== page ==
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Authors: Lauren Wolk

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BOOK: Those Who Favor Fire
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For years she had felt nervous and confused around him, for no
matter how hard she tried to stay out of his way, to do nothing that would draw his attention, he always found a way to cross her path, to stand too close, to collide with her and then reach out as if to save her from a fall, grabbing her around the middle one time, by the shoulders the next. “Clumsy girl,” he would say, and then as she left he would touch her with his eyes. If anything, it was this impalpable touch that left bruises.

Much as she had hated boarding school in the beginning—still small, her mother newly dead—Holly had eventually come to love her exile and to dread the approach of every holiday, every summer home. Over time, she became more self-assured and was strengthened by her association with a stern, resourceful headmistress, the daughters of other important people, and the world at large. And by her fifteenth birthday she had outgrown the insecurity and confusion that had prevented her from knowing how to behave in the face of her father’s strange interest—whether to be alarmed, how to deflect his advances. She expected her father to notice the change in her, when she went home again: to look at the way she kept her head up, her shoulders back, and her eyes steady, and be intimidated. She expected him to see, in her, a challenge. But she did not expect him to take it.

When he did, when he walked straight into her bedroom the first night she was home again, a day earlier than Kit, when he shut the door behind him and stood glaring at her as she lay absolutely still in her bed, when he suddenly rushed toward her and pulled away the covers and opened his robe, Holly knew that she was completely alone. There was no one to hear her scream. There was no one to protect her. There was no one to stop her father from wrenching away her nightgown and pinning her with all his weight in the bed where her mother had once brought her picnics and read her books and polished her heart until it shone.

Chad Barrows would have raped his fifteen-year-old daughter that night, and he did try. But, whether he had drunk too much or failed to completely disarm his conscience, he was unable to do what he’d intended. His body seemed to have greater scruples than his soul.

After that, Holly went home only when she had to. Christmas, Easter, summer vacations were all spent in odd maneuvers. Because Kit was usually home, too, Chad was more careful, but Holly still made sure never to be caught alone. She locked all doors behind her. She accepted every invitation to spend time away from home. And,
when her father approached her one morning in the woods behind their house, she stood her ground and said, as loudly as she could without screaming, “If you touch me, I will tell Kit.”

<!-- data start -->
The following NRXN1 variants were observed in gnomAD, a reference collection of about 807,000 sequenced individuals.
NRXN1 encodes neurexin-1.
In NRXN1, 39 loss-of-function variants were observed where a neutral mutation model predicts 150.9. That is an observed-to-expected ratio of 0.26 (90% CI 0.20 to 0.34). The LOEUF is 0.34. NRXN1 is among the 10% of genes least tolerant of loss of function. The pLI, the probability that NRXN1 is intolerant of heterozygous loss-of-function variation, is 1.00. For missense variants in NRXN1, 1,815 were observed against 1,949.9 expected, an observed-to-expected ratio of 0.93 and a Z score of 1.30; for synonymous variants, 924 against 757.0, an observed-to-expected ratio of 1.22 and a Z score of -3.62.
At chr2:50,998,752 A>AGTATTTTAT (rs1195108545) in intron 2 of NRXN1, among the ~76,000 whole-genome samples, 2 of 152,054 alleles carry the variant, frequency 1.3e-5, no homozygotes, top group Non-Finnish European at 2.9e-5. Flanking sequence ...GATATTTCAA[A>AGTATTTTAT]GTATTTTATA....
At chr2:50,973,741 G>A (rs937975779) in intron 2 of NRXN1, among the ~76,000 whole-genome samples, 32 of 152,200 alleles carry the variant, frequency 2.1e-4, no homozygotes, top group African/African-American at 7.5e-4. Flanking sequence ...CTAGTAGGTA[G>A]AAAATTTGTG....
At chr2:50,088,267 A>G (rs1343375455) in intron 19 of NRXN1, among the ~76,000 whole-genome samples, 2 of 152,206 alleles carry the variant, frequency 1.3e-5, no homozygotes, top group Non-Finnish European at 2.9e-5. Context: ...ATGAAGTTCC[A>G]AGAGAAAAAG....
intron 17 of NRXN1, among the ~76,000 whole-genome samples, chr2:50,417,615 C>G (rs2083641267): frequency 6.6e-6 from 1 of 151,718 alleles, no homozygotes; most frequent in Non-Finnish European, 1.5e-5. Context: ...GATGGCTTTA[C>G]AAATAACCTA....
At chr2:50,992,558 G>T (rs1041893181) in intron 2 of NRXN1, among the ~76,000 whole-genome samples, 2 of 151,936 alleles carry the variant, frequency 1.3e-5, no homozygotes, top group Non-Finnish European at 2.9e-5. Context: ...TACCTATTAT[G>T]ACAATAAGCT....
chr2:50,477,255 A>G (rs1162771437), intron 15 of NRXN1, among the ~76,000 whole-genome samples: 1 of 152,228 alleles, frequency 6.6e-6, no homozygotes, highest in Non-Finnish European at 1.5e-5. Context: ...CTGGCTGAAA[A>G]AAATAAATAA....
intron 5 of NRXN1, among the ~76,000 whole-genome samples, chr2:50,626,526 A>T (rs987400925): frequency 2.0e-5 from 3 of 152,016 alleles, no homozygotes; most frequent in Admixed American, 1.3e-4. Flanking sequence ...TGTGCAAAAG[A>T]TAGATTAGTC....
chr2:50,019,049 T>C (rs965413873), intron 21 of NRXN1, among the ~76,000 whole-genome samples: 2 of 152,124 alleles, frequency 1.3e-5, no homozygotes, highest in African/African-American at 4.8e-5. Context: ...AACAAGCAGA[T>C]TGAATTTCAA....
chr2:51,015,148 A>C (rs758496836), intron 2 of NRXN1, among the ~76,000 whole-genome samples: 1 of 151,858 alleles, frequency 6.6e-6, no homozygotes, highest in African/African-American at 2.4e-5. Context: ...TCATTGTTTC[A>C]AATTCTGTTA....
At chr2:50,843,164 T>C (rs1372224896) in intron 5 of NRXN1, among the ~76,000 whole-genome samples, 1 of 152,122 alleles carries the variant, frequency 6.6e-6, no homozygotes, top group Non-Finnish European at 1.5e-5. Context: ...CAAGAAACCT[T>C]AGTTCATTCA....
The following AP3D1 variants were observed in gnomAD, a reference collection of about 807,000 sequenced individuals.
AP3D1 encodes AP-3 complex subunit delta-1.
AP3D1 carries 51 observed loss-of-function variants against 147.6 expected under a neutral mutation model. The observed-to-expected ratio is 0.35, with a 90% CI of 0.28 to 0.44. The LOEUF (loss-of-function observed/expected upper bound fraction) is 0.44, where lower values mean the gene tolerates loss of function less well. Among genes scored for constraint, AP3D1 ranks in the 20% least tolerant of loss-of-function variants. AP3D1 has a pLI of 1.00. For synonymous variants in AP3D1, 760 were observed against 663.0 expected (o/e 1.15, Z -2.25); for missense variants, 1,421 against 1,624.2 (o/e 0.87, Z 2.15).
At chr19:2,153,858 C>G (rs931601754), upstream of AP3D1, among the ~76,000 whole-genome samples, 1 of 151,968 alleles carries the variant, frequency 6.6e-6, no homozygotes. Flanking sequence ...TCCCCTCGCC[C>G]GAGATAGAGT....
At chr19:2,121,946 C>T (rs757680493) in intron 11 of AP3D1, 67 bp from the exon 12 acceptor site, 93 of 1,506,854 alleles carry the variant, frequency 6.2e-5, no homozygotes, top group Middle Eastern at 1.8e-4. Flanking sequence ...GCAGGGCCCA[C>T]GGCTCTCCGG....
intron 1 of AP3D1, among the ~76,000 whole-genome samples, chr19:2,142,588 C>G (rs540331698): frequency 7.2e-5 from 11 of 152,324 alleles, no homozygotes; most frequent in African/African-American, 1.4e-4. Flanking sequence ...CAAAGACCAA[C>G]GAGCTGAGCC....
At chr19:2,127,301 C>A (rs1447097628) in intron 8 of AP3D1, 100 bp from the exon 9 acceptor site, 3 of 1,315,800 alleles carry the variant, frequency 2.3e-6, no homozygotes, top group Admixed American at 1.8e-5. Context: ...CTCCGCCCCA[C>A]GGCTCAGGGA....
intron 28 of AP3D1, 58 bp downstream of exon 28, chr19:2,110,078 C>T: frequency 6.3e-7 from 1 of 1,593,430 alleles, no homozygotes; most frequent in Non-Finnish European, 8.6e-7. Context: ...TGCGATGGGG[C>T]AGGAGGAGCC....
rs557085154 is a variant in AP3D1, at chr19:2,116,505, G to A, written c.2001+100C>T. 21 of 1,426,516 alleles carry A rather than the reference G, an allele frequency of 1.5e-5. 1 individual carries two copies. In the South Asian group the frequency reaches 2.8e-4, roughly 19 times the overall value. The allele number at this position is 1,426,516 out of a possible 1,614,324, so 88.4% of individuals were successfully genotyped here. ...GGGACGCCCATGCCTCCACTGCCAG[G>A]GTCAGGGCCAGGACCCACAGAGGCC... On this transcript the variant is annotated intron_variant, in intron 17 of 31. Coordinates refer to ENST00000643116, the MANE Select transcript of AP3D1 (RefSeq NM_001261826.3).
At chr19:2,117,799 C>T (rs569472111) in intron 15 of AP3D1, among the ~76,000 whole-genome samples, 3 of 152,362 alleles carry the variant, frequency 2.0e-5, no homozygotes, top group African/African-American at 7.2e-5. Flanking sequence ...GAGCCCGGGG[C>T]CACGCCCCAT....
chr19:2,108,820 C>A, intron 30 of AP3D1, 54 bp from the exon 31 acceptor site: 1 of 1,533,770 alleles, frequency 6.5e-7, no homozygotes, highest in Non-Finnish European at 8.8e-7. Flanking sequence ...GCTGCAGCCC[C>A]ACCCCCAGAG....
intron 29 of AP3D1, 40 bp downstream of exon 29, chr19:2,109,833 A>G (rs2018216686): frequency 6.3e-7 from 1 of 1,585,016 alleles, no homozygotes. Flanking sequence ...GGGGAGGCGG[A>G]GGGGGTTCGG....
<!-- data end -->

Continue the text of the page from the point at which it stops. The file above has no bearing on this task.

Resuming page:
Had she known how effective this threat would be, she would have issued it much sooner. Her father’s eyes had widened with fury and alarm. He panted like a wild man. He took one more step toward her and stopped, his hands slowly clenching, and said, “If you tell him, I will break your fucking face.”

“My face!” She had actually laughed. “Go ahead! Maybe you’ll improve it.”

This time, the strength she’d gained from years of unhappiness made some impression on him. Either that, or he felt he had no choice but to let her be. Whatever the reason, Chad backed off. Although he still watched her and seemed always to be holding himself in check, he never touched her again. He did not try to stop her when she eventually moved her things into the carriage house. And when she finally brought a man home with her for the first time, her father stood among the magnolia trees with a bottle of whiskey in his hand and showed her that she was even stronger than she’d thought.

Kit sat in the gazebo beside his sister and felt that a large part of him had slipped free of its bones and now hovered somewhere nearby, listening, waiting for the remaining parts of him to rise and follow. He felt light-headed and was sure that if he stood up too quickly, he would collapse, maybe die. He could only imagine one cure for what he was feeling, and that was to prove Holly wrong.

“If all this is true,” he began, “I would think you’d have told me a long time ago.”

Holly looked at him curiously.
“If all this is true,”
she said. “Didn’t I say you wouldn’t want to believe it? I don’t blame you.” She laced her fingers behind her neck and worked her head cautiously from side to side. “You were only a kid when all of this was happening. What could you have done?”

Kit tried to remember what it was like to be that young. “You were just a kid, too,” he said. “I can’t believe you thought you could handle a problem like that by yourself. There must have been another reason why you didn’t tell me.”